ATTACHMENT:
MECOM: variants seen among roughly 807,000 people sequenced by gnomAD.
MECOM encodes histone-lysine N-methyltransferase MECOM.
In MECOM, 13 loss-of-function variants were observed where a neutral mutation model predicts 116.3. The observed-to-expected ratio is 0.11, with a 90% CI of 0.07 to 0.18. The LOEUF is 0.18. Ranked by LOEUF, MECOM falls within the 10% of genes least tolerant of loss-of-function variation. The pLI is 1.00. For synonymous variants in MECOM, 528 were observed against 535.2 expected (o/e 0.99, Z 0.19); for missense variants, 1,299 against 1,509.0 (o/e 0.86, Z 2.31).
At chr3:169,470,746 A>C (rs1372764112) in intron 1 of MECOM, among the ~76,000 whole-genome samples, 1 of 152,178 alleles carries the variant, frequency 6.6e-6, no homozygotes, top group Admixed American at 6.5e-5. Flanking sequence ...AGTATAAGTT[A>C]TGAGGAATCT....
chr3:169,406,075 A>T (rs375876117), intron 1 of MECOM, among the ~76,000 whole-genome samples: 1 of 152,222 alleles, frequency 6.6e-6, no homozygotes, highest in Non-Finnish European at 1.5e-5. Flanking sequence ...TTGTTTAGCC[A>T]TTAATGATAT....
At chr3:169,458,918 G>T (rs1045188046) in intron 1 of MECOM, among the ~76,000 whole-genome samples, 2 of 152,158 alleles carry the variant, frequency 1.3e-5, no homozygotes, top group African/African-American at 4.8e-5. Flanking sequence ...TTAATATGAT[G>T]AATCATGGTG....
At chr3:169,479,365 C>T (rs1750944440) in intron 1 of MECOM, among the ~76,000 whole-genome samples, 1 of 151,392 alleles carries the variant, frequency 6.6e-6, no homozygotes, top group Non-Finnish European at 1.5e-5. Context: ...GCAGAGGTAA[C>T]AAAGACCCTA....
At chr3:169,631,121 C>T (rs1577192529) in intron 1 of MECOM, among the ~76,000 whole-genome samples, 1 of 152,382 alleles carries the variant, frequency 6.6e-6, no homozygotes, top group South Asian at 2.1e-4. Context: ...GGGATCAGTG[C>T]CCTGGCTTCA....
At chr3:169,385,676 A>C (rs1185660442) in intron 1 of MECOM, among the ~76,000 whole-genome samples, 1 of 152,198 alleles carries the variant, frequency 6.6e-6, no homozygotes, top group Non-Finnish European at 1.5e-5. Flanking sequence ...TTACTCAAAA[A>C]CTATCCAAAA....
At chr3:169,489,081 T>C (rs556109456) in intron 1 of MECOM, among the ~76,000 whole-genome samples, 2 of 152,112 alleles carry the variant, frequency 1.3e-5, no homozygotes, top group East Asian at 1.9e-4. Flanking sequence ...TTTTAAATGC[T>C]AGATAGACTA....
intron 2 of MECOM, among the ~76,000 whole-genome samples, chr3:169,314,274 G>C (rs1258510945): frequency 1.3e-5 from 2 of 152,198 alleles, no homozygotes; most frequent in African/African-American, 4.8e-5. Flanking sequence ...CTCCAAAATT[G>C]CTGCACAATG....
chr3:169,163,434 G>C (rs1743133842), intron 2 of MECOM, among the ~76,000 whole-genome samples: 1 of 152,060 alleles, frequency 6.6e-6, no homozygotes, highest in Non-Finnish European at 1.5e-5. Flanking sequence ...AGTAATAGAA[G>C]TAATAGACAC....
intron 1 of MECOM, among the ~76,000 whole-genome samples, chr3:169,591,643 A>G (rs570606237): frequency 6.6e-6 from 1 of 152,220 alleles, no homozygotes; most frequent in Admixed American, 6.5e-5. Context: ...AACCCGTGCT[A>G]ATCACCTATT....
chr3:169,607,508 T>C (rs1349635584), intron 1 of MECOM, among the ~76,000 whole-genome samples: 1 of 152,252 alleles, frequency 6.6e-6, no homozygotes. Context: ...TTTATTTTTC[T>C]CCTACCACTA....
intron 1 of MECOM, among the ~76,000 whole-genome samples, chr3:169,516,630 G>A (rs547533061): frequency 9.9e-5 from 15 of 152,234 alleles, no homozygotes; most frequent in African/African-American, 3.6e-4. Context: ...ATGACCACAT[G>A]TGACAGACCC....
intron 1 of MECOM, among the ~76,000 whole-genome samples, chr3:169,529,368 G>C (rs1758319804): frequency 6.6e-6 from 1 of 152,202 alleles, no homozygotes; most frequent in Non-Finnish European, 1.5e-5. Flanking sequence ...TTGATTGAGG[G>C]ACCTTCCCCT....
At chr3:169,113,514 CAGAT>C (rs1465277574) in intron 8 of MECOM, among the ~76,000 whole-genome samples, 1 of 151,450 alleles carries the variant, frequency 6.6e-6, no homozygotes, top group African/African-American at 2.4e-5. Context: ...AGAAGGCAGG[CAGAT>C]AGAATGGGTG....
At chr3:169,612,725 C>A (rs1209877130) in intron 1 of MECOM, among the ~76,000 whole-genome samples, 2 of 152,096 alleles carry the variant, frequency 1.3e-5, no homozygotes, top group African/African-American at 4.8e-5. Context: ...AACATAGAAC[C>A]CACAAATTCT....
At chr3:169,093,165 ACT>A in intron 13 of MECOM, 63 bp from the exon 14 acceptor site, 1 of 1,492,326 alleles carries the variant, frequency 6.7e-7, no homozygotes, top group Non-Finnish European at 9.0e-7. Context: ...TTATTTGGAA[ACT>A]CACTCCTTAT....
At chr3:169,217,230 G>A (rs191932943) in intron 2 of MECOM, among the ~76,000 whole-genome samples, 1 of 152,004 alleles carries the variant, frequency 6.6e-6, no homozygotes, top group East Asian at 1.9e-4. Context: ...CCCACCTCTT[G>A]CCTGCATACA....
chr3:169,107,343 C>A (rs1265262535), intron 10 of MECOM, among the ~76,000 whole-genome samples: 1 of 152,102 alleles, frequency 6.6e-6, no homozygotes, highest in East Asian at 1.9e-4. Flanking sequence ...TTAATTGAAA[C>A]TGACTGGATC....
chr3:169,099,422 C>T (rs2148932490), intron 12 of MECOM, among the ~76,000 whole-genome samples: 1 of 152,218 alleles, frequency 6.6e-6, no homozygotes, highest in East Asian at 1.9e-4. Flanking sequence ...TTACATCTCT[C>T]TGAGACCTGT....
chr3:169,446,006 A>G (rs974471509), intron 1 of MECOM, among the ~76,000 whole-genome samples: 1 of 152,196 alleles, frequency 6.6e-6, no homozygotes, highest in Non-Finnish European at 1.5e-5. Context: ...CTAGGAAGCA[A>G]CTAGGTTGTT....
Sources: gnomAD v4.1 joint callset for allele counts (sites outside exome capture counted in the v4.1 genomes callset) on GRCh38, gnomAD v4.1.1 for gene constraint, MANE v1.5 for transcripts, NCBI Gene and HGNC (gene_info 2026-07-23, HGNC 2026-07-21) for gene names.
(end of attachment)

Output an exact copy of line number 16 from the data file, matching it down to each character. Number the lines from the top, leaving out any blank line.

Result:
intron 1 of MECOM, among the ~76,000 whole-genome samples, chr3:169,529,368 G>C (rs1758319804): frequency 6.6e-6 from 1 of 152,202 alleles, no homozygotes; most frequent in Non-Finnish European, 1.5e-5. Flanking sequence ...TTGATTGAGG[G>C]ACCTTCCCCT....